Basic question

Very frustrated - assumed it would be easy to transfer my document from Scrivener to Word but apparently not! All sorts of changes come when I’ve tried it. Need to send a draft to my PhD supervisor. Really hope I haven’t been wasting my time using Scrivener? :neutral_face:

Well noted your frustration, how can we help you?
What precisely is happening that doesn’t work per your expectations? :slight_smile:

Well if I cut and paste, then things get changed round like the figures and diagrams. When I compile it, there’s stuff that goes beyond the margins of the Word document. Hopefully there is a simple straightforward way?

Can anyone help? Need to get this draft off today if possible! Can’t see the point in using Scrivener if it’s not easy to send people stuff :neutral_face:

I’ve got that problem kind of sorted, just two issues now - how do I adjust the settings so it doesn’t indent all the paragraphs and headings? Also changes italics to underlining? And how do I compile one part of the document at a time - do I need to put it in a separate folder?

Good to hear; I would have come back to you, but I’ve never used compile nor export myself; In addition, I am using a mac…
I was hoping that once your question was clear, someone else would jump in :slight_smile:

In the compile window that pops up, there’s a blue arrow. Click it to expand the window and the options you can access.

To get rid of paragraphs indents, and to adjust paragraph spacing so you’ll be able to see where one paragraph ends and the next begins, go to the Formatting section. Each row there represents some part of your binder’s organization. Find the right one, and a preview will show how the compiled output will look on the page. Click the “Modify” button and make adjustments to the ruler, and for the paragraph spacing, click on the drop-down that likely has “2.0x” or “1.0x” or similar displayed there. Paragraph spacing is accessed by choosing “More…” from that drop-down. The Transformations section deals with converting italics to underline and other similar things.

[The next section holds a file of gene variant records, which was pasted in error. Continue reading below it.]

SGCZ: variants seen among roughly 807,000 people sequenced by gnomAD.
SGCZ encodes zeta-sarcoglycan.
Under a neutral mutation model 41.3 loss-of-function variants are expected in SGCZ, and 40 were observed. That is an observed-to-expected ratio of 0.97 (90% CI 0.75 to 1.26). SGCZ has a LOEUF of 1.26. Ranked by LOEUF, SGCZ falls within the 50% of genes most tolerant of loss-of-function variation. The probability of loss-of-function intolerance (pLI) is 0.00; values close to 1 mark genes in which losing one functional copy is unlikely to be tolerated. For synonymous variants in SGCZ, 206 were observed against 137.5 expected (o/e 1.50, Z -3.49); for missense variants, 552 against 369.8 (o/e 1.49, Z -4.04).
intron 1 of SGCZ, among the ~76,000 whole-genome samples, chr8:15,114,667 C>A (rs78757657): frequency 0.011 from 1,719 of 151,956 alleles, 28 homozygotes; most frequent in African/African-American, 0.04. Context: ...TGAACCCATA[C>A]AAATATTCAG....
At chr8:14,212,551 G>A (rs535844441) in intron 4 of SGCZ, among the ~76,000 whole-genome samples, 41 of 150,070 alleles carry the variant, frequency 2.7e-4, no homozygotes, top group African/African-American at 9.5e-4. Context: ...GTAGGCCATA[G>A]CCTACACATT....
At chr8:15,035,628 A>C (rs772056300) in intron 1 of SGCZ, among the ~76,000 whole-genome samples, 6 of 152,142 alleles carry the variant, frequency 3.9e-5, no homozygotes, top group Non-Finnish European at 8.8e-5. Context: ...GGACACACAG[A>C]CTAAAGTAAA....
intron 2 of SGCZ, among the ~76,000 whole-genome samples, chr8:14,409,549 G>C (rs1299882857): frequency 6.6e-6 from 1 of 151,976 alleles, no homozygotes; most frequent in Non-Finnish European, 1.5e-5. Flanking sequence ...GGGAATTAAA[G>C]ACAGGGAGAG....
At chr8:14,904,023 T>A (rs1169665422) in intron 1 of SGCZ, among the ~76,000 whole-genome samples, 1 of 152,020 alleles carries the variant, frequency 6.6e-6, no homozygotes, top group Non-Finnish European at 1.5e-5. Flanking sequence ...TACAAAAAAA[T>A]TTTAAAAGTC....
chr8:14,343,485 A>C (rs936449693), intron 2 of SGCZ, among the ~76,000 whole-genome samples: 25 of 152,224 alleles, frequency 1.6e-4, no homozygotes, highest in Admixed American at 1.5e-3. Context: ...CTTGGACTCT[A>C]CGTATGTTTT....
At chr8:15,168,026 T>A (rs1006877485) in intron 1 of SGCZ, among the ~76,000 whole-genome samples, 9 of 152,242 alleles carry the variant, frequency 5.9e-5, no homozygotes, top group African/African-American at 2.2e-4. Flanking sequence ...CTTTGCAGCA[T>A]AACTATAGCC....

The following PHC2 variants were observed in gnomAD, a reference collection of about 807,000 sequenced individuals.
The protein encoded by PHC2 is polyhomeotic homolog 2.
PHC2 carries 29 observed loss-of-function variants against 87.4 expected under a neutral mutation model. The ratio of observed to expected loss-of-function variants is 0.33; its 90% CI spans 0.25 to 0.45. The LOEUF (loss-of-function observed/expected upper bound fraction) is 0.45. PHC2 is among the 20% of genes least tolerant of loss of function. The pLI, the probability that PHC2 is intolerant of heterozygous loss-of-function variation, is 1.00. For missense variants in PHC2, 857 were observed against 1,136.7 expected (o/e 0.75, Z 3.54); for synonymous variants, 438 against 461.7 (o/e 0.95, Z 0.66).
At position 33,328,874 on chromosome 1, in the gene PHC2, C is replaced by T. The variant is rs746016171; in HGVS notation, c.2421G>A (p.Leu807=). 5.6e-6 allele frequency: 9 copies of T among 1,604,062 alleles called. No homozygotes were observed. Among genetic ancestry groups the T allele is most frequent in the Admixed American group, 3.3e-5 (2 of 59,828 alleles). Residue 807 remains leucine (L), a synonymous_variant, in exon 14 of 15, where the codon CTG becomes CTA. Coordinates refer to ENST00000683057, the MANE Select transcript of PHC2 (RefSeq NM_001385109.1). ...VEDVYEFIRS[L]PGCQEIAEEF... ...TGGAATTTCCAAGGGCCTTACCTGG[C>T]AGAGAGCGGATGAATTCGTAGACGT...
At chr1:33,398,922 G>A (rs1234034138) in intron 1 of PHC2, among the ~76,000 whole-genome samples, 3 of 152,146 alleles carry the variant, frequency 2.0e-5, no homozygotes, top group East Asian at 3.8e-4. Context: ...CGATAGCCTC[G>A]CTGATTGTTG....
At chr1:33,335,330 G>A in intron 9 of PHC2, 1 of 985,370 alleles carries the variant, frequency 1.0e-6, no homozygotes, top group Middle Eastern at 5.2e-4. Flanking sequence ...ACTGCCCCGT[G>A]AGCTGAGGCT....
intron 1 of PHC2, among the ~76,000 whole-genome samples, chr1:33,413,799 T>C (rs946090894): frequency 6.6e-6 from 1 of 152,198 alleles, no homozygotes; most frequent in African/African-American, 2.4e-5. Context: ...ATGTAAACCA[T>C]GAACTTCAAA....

Before your next deadline, I’d highly recommend you go through the Interactive Tutorial (Under Help). Once you’ve done that, fiddle with your compile settings well before you have something to turn in, so that you aren’t trying to figure something out at the eleventh hour. Scrivener’s approach to text formatting is vastly different from your typical word processor, so you should give yourself enough time to adjust before relying on it as your primary output generator.

Thanks, was hoping Scrivener would be more intuitive - wasn’t wanting to spend a lot of time learning how to use it. How can I compile just one chapter without splitting the project up?

In the Contents section, there’s a drop-down that defaults to your Manuscript folder. Select it and navigate to the chapter file/container, and compile that.

There’s “intuitive”, and then there’s “familiar”. You (and the vast majority of word processor users) are not accustomed to this way of producing text documents, and there isn’t any other long-form document production software for Scrivener to be modeled after. They’re working on reorganizing the compile window, but it may be a while in coming to a released version of Scrivener. But even with a reorganized Compile dialogue, you’re still going to need to learn a few things; it’s the trade-off that happens when a program gives you freedom to organize your writing how you want/need to.

But you don’t have to learn it all at once! The Interactive Tutorial is just another project, in that you can close it part way through and then re-open it and pick up where you left off.

I was doing that, and it wasn’t working, but I changed something in the formatting bit and it’s working now! Yes, clearly need to invest a little time reading the manual, even though it is contrary to my nature! :smiley: